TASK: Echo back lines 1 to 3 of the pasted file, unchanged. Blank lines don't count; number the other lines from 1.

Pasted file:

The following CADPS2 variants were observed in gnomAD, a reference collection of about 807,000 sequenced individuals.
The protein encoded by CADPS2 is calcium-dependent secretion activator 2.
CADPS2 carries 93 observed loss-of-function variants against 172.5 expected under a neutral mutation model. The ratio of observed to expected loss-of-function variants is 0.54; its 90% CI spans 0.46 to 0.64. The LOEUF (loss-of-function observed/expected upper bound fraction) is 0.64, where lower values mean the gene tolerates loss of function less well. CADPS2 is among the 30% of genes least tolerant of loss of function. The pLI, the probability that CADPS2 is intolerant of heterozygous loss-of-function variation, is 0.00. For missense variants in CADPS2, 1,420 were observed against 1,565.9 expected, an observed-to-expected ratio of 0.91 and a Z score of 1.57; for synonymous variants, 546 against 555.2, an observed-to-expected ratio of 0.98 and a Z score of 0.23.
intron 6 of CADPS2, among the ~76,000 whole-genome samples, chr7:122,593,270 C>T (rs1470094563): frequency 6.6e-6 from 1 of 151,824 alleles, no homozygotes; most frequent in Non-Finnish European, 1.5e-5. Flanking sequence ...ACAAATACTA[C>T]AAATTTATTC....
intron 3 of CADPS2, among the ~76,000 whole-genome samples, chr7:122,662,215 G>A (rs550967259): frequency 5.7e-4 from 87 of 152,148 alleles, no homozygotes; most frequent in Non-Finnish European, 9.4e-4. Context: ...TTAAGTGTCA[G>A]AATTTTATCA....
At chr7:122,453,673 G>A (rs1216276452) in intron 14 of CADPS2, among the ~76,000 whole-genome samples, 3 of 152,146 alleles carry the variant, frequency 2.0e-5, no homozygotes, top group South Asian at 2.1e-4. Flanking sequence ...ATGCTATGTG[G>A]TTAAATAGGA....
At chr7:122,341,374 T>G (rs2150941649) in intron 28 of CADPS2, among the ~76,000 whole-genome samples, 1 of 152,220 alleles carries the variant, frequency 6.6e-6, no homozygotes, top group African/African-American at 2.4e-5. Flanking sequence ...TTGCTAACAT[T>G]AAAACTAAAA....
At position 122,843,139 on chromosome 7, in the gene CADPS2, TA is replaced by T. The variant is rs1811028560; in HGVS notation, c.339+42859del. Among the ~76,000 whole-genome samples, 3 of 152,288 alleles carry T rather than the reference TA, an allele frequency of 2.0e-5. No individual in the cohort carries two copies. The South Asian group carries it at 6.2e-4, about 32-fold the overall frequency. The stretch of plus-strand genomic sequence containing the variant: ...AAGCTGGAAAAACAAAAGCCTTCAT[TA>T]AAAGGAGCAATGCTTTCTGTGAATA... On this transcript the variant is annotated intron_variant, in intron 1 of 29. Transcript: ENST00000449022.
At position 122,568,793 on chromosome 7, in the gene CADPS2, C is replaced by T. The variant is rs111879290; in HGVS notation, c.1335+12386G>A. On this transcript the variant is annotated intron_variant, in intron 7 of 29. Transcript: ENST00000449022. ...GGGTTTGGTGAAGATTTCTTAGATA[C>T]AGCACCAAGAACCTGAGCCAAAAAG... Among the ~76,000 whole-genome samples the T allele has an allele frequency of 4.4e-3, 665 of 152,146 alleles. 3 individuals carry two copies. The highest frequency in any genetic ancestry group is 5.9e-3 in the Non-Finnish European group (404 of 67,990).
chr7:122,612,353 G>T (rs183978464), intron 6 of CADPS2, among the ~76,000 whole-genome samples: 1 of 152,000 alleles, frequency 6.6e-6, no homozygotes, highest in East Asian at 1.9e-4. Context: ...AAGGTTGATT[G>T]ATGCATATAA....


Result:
The following CADPS2 variants were observed in gnomAD, a reference collection of about 807,000 sequenced individuals.
The protein encoded by CADPS2 is calcium-dependent secretion activator 2.
CADPS2 carries 93 observed loss-of-function variants against 172.5 expected under a neutral mutation model. The ratio of observed to expected loss-of-function variants is 0.54; its 90% CI spans 0.46 to 0.64. The LOEUF (loss-of-function observed/expected upper bound fraction) is 0.64, where lower values mean the gene tolerates loss of function less well. CADPS2 is among the 30% of genes least tolerant of loss of function. The pLI, the probability that CADPS2 is intolerant of heterozygous loss-of-function variation, is 0.00. For missense variants in CADPS2, 1,420 were observed against 1,565.9 expected, an observed-to-expected ratio of 0.91 and a Z score of 1.57; for synonymous variants, 546 against 555.2, an observed-to-expected ratio of 0.98 and a Z score of 0.23.